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Updated on 6 April 2024

Paying informal carers

If you need care, you may receive occasional help from family, friends or neighbours. You might pay them for their help, or just reimburse their expenses or give them small gifts like flowers or chocolates as a thank you. In order to avoid tax implications, it is important to understand the rules around volunteer payments.

a person handing a gift to someone else.
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Volunteer helper or employee?

If you pay someone for helping you, they may be treated at your employee – see our separate page about employing a carer.

Even if you do not think you are employing someone, you need to be careful. If an individual helps you out on a regular basis, carries out specified duties and is subject to some level of supervision and control, a number of the hallmarks of employment are present.

However, there could be other factors pointing away from employment. For example, if they only help you out occasionally, they are free to turn down helping you out and can leave when they wish. Bear in mind that an employment relationship need not be set out in a written contract; rather, it can be oral, or inferred from the circumstances.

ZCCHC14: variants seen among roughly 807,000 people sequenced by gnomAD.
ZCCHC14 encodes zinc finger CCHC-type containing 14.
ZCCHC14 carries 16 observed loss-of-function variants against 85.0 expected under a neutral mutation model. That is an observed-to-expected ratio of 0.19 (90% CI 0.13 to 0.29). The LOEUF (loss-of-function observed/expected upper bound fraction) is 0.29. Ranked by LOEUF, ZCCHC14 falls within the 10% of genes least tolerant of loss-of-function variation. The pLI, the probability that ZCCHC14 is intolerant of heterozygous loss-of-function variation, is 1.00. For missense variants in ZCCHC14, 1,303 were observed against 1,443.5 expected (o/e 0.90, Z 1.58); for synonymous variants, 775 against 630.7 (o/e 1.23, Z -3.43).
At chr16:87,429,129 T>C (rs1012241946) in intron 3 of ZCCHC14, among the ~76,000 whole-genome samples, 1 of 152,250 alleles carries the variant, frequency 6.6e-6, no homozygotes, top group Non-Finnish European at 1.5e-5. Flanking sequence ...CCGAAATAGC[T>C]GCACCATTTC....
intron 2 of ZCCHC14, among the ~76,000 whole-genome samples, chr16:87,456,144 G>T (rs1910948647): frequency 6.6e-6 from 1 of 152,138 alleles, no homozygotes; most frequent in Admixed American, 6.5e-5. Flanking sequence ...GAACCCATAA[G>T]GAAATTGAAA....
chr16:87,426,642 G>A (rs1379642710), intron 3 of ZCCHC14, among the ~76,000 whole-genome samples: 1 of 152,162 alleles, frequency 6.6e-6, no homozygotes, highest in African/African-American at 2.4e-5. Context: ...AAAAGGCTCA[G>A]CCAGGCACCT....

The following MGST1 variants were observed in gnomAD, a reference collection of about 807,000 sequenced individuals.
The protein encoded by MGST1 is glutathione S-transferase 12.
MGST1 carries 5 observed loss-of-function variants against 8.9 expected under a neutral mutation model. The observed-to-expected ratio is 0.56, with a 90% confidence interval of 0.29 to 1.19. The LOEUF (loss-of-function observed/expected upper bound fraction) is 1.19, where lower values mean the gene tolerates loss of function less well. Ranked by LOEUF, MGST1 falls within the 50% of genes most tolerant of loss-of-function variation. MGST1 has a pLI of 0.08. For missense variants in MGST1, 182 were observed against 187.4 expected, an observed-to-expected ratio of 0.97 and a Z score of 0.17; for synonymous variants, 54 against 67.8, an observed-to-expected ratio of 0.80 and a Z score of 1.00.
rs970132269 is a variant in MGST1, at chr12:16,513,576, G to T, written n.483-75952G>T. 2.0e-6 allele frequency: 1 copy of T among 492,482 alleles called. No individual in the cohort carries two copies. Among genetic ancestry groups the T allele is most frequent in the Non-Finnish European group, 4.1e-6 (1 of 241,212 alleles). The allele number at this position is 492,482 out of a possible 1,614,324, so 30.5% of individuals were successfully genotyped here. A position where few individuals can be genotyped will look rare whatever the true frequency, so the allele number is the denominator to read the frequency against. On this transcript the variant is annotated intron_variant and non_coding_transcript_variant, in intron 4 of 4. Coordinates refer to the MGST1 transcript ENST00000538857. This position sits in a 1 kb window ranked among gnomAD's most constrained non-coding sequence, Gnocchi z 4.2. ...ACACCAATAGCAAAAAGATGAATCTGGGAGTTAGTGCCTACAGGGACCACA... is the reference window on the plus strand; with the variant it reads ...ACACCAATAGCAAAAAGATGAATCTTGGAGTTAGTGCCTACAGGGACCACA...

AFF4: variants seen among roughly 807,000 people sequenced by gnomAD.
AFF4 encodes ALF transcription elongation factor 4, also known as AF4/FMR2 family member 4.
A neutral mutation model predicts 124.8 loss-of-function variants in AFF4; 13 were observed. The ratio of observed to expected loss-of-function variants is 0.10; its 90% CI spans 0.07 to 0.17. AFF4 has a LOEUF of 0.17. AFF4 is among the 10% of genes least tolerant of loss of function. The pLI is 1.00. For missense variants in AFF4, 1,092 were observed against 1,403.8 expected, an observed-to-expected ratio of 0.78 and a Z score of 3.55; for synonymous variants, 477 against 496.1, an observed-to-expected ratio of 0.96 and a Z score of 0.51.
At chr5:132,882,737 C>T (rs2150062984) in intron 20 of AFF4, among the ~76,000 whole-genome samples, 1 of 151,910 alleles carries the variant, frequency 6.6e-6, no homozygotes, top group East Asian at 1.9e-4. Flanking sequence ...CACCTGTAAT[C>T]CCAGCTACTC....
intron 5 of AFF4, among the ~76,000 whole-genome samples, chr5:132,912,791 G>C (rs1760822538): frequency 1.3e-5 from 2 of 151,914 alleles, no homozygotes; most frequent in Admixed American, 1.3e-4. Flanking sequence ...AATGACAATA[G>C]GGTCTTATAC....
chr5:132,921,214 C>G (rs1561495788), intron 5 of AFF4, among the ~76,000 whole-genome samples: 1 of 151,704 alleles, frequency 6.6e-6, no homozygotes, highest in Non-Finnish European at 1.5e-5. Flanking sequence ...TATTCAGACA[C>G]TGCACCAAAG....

Paying expenses when someone helps you out

Broadly, if you only reimburse any actual out-of-pocket expenses the volunteer has incurred, then there will be no tax or NIC to deal with for either you or the volunteer. The expenses paid must be supported by receipts or be a reasonable estimate of the cost.

Paying more than just expenses

If the expenses paid are more than the actual expenses incurred (or accepted scale rates in the case of mileage) or you give the volunteer some other type of payment, HMRC may consider the volunteer to be receiving a payment for their services. The money could be treated either as employment income (meaning you may have to operate PAYE like any other employer) or as other taxable income (meaning the volunteer may have to declare it to HMRC themselves as miscellaneous income).

There may also be further complications, such as in connection with the minimum wage to consider.

Giving someone a thank you gift

Volunteers can be provided with a token of appreciation, as long as it is not of high value.

However, the gifts should be genuine, one-off thank you gifts. If there is a sense that chocolates or flowers for example, are expected, hinted-at or regularly given, or are a reward for services performed, then they become payment for work done (known as payment in kind) and again, their value is potentially taxable as either employment income or miscellaneous income.

More information

For more detailed information on the considerations around making payments to volunteers, see our separate page of guidance.

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